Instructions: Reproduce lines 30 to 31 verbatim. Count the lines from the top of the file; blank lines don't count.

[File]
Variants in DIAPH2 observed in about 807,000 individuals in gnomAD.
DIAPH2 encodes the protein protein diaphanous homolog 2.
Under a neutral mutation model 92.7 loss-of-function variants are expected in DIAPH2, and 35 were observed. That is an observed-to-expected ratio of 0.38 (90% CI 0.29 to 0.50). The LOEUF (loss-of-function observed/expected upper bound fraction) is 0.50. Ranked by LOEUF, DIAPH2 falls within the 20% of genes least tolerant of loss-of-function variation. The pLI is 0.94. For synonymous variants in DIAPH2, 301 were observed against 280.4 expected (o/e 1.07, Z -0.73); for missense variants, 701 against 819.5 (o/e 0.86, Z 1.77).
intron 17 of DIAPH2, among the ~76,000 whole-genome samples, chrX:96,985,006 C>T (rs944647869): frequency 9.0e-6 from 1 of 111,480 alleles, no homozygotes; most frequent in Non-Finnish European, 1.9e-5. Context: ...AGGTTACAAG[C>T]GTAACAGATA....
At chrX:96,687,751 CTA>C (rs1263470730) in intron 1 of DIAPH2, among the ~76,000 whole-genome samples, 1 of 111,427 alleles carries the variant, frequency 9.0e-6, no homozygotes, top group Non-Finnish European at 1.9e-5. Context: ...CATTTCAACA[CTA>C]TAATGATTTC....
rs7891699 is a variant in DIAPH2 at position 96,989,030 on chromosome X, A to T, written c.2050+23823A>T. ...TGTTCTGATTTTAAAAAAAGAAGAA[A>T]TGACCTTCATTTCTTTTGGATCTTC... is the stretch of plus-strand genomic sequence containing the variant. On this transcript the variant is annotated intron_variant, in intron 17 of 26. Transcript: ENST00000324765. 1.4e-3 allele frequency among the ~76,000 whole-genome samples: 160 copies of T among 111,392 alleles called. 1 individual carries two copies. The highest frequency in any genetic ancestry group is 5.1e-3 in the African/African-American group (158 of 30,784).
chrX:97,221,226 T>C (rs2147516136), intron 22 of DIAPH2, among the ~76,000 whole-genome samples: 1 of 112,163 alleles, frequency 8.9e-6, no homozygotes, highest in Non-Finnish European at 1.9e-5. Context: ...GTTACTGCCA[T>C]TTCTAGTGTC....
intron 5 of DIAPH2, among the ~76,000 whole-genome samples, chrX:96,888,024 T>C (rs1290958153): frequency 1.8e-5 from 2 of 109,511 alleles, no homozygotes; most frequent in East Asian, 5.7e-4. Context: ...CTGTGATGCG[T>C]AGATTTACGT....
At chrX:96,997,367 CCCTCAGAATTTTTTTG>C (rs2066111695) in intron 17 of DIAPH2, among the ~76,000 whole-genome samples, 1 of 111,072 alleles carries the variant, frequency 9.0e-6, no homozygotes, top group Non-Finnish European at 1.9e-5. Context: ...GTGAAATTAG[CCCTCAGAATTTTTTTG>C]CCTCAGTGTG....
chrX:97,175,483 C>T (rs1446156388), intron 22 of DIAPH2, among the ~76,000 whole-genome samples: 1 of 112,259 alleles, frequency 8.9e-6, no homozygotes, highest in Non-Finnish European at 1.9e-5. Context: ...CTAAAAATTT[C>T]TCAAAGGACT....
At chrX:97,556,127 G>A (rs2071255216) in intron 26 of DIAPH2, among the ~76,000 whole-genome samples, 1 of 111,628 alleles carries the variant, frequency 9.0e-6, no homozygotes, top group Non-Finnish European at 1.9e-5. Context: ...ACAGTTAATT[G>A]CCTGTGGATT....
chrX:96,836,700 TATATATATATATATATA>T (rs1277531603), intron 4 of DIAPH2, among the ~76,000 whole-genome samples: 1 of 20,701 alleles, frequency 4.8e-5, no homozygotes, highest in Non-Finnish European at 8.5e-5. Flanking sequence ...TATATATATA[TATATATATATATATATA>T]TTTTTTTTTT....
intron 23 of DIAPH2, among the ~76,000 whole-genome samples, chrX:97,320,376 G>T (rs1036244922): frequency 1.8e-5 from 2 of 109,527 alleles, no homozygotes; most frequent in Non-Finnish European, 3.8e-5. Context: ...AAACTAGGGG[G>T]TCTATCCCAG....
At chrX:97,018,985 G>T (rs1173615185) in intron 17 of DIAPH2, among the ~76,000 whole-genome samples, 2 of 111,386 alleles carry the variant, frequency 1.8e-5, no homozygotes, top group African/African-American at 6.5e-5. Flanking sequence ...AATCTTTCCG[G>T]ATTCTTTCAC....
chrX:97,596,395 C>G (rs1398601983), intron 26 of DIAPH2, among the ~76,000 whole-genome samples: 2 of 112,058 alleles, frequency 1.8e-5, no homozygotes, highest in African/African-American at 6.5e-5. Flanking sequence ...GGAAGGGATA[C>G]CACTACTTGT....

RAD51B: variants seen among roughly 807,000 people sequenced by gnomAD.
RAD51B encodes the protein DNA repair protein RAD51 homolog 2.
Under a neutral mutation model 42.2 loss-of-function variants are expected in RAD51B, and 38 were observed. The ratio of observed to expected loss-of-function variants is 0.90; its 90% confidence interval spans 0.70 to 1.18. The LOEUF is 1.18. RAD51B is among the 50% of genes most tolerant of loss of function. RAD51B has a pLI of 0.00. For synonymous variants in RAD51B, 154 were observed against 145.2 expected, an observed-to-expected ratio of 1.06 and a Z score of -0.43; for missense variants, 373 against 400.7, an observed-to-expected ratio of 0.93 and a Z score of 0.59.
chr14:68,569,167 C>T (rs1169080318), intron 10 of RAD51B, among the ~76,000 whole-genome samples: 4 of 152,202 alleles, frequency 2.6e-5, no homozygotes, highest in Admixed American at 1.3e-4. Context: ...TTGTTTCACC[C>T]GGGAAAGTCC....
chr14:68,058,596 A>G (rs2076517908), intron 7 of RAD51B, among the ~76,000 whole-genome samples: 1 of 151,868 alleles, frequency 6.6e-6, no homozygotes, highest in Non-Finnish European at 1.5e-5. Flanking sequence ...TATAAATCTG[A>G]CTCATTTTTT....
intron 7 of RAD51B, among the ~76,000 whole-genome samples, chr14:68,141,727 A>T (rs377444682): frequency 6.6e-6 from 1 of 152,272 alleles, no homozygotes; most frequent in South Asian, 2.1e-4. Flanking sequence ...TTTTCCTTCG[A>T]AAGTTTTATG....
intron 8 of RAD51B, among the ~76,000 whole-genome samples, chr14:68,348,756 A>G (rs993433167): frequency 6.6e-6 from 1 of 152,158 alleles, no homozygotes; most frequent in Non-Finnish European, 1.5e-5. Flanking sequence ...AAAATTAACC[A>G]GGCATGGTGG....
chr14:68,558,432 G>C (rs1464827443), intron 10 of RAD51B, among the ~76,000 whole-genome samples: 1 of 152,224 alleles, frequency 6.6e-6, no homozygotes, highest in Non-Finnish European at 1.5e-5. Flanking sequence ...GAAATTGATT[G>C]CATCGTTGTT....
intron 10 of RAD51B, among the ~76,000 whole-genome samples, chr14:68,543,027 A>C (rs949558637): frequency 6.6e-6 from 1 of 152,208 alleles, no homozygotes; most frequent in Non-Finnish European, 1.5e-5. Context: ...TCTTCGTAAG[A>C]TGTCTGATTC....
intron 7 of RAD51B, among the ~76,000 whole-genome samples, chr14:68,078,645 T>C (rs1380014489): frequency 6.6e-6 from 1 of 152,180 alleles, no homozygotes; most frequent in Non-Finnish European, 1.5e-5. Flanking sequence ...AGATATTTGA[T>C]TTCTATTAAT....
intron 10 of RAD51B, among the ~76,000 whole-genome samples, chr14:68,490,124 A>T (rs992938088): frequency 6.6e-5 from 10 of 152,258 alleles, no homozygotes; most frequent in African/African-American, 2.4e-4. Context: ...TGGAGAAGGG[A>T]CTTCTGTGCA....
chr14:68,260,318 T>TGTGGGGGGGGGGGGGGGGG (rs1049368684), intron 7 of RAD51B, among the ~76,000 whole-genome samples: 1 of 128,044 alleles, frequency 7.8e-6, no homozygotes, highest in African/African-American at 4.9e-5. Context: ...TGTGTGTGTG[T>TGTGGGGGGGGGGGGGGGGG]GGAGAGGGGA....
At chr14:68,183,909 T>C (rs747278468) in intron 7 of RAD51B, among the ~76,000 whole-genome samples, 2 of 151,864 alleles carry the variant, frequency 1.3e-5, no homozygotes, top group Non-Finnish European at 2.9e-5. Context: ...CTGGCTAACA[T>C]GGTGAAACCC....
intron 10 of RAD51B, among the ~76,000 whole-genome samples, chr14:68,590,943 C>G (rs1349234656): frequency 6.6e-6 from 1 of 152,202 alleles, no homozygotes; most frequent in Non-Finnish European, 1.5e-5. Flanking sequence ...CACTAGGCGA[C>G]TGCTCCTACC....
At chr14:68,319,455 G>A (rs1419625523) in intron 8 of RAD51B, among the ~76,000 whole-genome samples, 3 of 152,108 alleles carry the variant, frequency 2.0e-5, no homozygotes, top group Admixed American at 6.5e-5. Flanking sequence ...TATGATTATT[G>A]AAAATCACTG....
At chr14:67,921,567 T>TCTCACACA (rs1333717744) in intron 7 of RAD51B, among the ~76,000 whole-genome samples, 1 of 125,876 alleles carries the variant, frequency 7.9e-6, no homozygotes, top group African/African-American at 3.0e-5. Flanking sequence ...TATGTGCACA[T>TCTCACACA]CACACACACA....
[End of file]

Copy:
At chr14:68,319,455 G>A (rs1419625523) in intron 8 of RAD51B, among the ~76,000 whole-genome samples, 3 of 152,108 alleles carry the variant, frequency 2.0e-5, no homozygotes, top group Admixed American at 6.5e-5. Flanking sequence ...TATGATTATT[G>A]AAAATCACTG....
At chr14:67,921,567 T>TCTCACACA (rs1333717744) in intron 7 of RAD51B, among the ~76,000 whole-genome samples, 1 of 125,876 alleles carries the variant, frequency 7.9e-6, no homozygotes, top group African/African-American at 3.0e-5. Flanking sequence ...TATGTGCACA[T>TCTCACACA]CACACACACA....